they hoped to better their circumstances. These also were buffalo people,
and this was another consideration leading to their removal west.
Immediately these people went to work to put up houses in the valley to the
east of the Mission. I gave them to understand that the Indians desired the
land to the west. It did is good to see these humble homes being erected
beside us. Mother and wife and sisters all rejoiced that in a measure our
loneliness was past; that a semi-civilization at least had come to us.
Sometime in August we heard
that father and party were not more than three days away, and with grateful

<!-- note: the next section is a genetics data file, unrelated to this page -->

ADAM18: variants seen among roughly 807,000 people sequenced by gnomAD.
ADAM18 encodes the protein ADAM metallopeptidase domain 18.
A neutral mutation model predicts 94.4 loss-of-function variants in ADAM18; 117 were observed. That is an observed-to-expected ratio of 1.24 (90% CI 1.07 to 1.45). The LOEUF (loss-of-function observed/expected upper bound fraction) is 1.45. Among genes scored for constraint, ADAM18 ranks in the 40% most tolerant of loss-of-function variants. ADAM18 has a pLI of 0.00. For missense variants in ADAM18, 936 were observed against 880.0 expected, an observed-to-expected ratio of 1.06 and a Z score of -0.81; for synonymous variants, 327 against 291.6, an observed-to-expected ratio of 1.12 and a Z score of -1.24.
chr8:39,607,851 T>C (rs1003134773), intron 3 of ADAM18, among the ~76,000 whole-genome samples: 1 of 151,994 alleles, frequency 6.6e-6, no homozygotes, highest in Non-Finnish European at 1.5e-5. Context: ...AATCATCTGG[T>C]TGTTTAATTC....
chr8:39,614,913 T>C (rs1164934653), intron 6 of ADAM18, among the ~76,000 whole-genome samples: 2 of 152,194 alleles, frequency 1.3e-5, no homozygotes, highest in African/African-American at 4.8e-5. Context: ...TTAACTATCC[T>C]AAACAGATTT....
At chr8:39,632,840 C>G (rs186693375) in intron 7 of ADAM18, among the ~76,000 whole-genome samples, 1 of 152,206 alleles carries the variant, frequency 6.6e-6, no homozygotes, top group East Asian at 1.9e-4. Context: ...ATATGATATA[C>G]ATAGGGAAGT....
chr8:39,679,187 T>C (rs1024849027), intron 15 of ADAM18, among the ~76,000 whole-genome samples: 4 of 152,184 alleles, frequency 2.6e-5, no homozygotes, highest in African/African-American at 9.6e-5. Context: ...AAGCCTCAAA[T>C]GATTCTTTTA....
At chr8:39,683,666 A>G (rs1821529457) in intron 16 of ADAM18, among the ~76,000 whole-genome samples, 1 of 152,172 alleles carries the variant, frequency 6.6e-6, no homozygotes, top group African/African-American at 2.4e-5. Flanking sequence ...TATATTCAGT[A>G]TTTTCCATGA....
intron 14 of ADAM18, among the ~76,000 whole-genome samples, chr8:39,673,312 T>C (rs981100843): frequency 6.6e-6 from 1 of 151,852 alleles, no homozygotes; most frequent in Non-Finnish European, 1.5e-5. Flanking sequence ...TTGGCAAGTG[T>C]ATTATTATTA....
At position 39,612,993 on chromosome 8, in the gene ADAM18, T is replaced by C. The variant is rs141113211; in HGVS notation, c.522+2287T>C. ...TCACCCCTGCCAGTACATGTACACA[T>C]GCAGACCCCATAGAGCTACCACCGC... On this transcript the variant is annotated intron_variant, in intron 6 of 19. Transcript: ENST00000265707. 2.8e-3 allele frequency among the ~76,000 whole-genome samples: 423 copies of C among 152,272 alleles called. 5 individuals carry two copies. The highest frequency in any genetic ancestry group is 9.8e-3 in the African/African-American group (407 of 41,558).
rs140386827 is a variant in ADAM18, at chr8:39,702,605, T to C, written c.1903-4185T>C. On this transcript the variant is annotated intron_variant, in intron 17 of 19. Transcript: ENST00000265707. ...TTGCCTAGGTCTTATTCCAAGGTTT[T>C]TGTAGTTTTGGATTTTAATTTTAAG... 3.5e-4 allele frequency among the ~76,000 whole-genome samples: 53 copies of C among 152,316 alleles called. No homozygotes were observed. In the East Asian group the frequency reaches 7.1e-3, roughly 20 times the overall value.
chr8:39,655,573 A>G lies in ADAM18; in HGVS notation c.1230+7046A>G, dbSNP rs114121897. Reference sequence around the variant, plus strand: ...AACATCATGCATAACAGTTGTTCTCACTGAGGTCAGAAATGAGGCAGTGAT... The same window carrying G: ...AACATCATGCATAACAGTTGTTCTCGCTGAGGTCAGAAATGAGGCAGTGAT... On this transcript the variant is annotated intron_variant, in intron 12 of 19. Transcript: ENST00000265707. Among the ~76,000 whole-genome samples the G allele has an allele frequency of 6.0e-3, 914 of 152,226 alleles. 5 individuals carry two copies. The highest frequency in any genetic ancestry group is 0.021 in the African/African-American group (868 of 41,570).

heart I saddled up and set forth to meet them, which I did about fifty miles
down the trail. Father had with him my brother David and sister Eliza. These
we had left in Ontario five years before, mere boy and girl, but now they
had grown into young manhood and young womanhood, and the long trip across
the plains had done them a vast amount of good. My sister was rather
astonished to meet her eldest brother clad as he was in leather and with
long hair curling on his shoulders, but this was the western fashion, and
anything else would have been singular at that time and amid those scenes.
Within a couple of days we
were once more a united family and mother's joy was full. I was particularly
pleased to note the manner of both my sister and brother towards my wife.
The fact of her being a native did not in anywise affect the kindliness of
their conduct towards her, for which I was very thankful.